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Spotlight on JJ Anisiøbi, Deputy Digital Content Director at OK! online

OK! online

‘In my 16 years in the industry I have gone from intern to Deputy Director, but my mates who work in sales and recruitment have been earning four times my salary for a while. I became a journalist because I wanted to write about my interests – now I want to use my position to help more people like me get into this industry,’ says JJ Anisiøbi, who has recently taken on the Deputy Digital Content Director role at OK! online.

Read on for JJ’s long-route into journalism, why it’s really worth it if you’re passionate about what you’re doing and the need to keep shaking up the makeup of newsrooms.  

Congratulations on the new role! What are you most looking forward to getting stuck into?  

I am most looking forward to growing our team and our audience with our exclusive content and specialist writers. We have a great core team of passionate writers and journalists who love giving our readers what they want – celebrity news first and insider information.

What do you love most about working at OK! online?

The thing I love most is the diversity of my team. Having worked at a number of other nationals I’ve seen the lack of diversity first-hand in many newsrooms, but OK! online is different. And on top of that, the whole team feels more like a family than a bunch of co-workers. I also love the opportunities and experiences I have because of OK! online. I’ve been on amazing press trips, I’ve had dinners with my childhood idols and rubbed shoulders with stars at the Oscar, BAFTA and BRIT Award parties.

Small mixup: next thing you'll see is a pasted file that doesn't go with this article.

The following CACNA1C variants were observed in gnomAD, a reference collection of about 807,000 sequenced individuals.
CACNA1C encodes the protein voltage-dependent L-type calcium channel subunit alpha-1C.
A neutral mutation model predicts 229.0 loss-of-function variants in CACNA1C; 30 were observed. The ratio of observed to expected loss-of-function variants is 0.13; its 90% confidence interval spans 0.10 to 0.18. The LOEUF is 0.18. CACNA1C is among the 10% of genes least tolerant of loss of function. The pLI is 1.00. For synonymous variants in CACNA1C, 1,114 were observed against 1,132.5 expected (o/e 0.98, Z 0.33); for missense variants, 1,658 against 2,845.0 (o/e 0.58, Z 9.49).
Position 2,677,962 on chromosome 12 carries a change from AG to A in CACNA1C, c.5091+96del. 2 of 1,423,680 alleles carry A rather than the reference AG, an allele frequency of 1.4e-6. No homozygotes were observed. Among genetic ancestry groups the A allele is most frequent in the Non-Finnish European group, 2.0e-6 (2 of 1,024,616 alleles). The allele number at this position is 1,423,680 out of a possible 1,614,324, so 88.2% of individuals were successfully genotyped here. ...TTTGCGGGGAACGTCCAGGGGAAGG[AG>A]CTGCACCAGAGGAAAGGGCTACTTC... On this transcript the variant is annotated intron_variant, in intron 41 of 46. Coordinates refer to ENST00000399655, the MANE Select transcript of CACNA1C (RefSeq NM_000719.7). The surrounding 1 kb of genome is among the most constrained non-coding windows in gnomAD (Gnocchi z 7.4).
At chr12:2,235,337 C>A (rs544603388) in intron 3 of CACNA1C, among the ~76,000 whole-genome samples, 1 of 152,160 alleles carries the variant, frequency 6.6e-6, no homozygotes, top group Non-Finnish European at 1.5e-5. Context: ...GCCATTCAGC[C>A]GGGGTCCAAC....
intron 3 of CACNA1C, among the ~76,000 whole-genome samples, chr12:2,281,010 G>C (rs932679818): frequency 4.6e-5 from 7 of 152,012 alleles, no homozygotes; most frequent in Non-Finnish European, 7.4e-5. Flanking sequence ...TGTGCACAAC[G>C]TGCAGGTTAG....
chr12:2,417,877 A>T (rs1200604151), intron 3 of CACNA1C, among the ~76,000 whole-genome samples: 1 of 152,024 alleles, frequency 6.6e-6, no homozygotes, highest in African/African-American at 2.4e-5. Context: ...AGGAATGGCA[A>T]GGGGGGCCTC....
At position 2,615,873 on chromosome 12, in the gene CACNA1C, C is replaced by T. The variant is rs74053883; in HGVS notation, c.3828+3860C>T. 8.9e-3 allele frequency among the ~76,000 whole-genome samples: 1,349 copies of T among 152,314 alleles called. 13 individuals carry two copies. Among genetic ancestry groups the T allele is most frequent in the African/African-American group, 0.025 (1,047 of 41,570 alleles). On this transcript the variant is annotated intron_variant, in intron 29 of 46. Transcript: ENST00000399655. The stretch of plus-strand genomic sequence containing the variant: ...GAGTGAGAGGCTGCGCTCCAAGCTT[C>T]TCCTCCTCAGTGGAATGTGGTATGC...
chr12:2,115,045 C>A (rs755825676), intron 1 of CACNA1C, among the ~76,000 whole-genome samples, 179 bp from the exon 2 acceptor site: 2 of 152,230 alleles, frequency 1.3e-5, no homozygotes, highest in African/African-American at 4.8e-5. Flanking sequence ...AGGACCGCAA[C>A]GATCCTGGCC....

What led you to choose a career in journalism?

I had always wanted to be a journalist, but it was a difficult career to get into. I definitely was not one of those people who could afford to do endless work experience schemes and not get paid, so I would work as much as possible to get cash and then do work experience every so often for a couple weeks at a time. I started in music journalism and then moved into fashion and did styling for a while until I got my NCTJ and then trained properly. After doing local news I got into showbiz and stayed mainly in that field, with the odd bit of lifestyle, too.

You’ve had experience consulting for PR companies – what piece of advice do you wish all PRs would take on for dealing with the media?

Know who you’re pitching to. There’s no point sending our showbiz journos press releases about ‘influencers’ when we don’t write about influencers. Know your publications and know when you’re flogging a dead horse.

How has your work changed since the COVID-19 outbreak?

Since the outbreak we have been working remotely and, to be honest, I prefer it. Working from home means I can spend more time with my family and, of course, not have to commute. All our meetings are done via Zoom and we changed our workflow to accommodate working from home. I feel like our communication has gotten better because we need to speak more than ever before. 

Are there any lessons you’ve learned from those changes that you’ll be taking forward?

I think the thing I’ve learned the most is to be as clear as possible with people so things aren’t missed or confused. I’ll certainly be making sure I’m clear when we eventually go back to the office.

The media has a reputation for being overwhelmingly middle-class, white and privileged what needs to be done in the industry to ensure editorial teams reflect their readerships?

The media is overwhelmingly middle-class, white and privileged, but I’m not sure it’s a case of editorial teams having to reflect their readership. I’m a 35-year-old straight Black male who has been writing for mainly white female audiences aged 21-40 for the last 15 years – so I’m not reflective of the audiences I write for. However, the industry, as a whole, is overwhelmingly white and full of privileged white people – and that needs to change. I have friends who are from working class backgrounds and are Black or Asian and are in management roles, like Claire Rutter at Metro.co.uk and Lucy Buckland at Mirror Online. Then I have my own line-manager, Kelby McNally, who like me is from a working-class background and is Digital Content Director at OK!